In the animation above, at each step, a set of frontier nodes is selected and for each frontier node, we find its unseen connections. We can parallelize the process of finding unseen nodes with no overhead by utilizing the shared memory between the parallel workers.

In Ligra it would look like this:

```
# parents[i] stores the index of i's parent, -1 if unexplored
parents = [-1, ... , -1]
# update returns True if destination should be added to the set of nodes
# returned by the edgeMap and false otherwise
def update(source: int, destination: int):
if (parents[destination] == -1):
# because this write is executed in parallel another thread might
# write to parents before, that doesn't affect the correctness.
parents[destination] = source
return True
else:
return False
def cond(destination: int):
return parents[destination] == -1
def BFS(G: Graph, root: int):
parents[root] = root
frontier = [root]
while (len(frontier) != 0):
frontier = edgeMap(G, frontier, update, cond)
```

# Implementation

The graphs are indexed as adjacency lists, in case of directed graphs, two adjacency lists are stored: one mapping vertices to their out edges (out-edge index) and another mapping vertices to their in-edges (see picture bellow).

Undirected graphs require only a single adjacency list.

Unfortunately the paper doesn’t state the indexation time required for graph processing.

# Evaluation

At the time of publishing, Ligra outperformed state of the art distributed graph processing frameworks. Ligra’s performance speaks more to the merit of shared-memory configuration rather than to the framework itself since competing frameworks require significant effort in coordinating distributed memory.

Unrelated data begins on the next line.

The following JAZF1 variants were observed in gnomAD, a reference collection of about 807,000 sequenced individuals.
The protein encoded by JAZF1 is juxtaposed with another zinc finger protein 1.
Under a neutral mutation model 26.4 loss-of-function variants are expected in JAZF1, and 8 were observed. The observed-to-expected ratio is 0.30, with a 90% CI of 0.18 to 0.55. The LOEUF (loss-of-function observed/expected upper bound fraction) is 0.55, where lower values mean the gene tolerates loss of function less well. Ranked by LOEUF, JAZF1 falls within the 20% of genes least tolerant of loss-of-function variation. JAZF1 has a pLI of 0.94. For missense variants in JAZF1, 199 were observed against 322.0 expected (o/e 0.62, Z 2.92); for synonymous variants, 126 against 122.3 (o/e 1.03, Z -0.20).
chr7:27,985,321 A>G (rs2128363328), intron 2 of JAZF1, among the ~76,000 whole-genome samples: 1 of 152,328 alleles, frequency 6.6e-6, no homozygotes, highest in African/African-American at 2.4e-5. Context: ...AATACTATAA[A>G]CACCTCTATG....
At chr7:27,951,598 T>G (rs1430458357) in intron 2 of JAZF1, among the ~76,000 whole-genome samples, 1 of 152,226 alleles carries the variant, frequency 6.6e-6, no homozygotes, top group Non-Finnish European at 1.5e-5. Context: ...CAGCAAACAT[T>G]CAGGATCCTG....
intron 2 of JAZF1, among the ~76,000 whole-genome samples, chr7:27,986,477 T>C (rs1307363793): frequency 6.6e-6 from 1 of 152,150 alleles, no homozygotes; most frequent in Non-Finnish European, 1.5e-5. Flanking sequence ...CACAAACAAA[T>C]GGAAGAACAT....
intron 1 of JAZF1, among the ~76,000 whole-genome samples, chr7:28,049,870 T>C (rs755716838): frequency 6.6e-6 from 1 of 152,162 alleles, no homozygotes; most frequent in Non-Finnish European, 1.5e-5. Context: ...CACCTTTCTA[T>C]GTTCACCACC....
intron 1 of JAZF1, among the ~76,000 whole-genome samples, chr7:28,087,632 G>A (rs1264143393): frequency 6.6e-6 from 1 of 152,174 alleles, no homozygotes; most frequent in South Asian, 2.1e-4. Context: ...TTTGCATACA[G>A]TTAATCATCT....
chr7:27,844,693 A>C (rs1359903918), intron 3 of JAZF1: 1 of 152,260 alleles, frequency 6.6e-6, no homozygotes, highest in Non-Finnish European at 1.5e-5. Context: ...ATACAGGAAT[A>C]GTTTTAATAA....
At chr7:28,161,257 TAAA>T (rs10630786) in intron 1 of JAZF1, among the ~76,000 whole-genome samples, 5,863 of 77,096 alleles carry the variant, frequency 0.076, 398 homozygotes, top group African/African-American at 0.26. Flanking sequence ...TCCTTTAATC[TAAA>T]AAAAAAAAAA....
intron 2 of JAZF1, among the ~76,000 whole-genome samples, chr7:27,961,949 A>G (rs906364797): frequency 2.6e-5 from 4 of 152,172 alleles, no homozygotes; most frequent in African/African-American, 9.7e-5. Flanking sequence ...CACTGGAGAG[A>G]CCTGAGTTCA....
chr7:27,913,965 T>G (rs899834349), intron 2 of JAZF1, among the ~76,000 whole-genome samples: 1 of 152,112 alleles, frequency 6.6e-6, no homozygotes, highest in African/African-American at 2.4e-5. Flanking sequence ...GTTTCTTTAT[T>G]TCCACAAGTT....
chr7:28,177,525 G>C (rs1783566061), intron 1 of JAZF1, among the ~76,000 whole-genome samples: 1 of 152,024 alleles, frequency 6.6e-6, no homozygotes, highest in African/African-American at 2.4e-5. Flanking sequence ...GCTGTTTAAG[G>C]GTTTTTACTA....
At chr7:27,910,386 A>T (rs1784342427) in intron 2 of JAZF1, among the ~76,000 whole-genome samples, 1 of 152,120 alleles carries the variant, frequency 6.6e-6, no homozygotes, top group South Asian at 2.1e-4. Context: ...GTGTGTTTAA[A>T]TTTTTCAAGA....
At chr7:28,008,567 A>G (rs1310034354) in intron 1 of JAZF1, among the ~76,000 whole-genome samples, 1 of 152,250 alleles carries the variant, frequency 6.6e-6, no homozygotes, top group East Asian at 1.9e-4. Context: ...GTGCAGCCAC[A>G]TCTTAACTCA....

## Comparison

**GPS** uses 30 instances with 4 virtual cores and 7.5GB RAM each. Ligra outperforms it on Yahoo PageRank taking 20s (v. 104s) per iteration.

**PowerGraph** uses 8 instances with 64 cores. Ligra outperforms it on Twitter PageRank taking 2.91s (v. 3.6s) per iteration.

Google’s **Pregel** uses 300 commodity PCs. Ligra outperforms Pregel on Bellman-Ford on 1B vertex binary tree processing the entire graph in 2s (v. 20s).

## Near Linear Parallelization

The plots from the paper (bellow) demonstrate close to linear parallelization as the number of threads used is increased.

My only criticism of the evaluation is the fact that the performance has only been demonstrated on a single configuration; authors themselves admit that they were unable to replicate the results on a more powerful AMD machine. Consequently, it is difficult to infer whether the parallelization curves demonstrated above would look the same were it performed on CPUs with varying number of cores.

# Improvements Since 2013

One of the strongest merits of the framework is the fact that since it’s initial implementation in 2013 it continues to be extended to this day (the latest paper using the framework has been published this year). Here I list the work that has been made on top of Ligra.

2015 Ligra+ extends Ligra to compressed graphs.

2017 Julienne enables efficient implementation of bucketing algorithms for graphs.

2019 Aspen enables writes to graph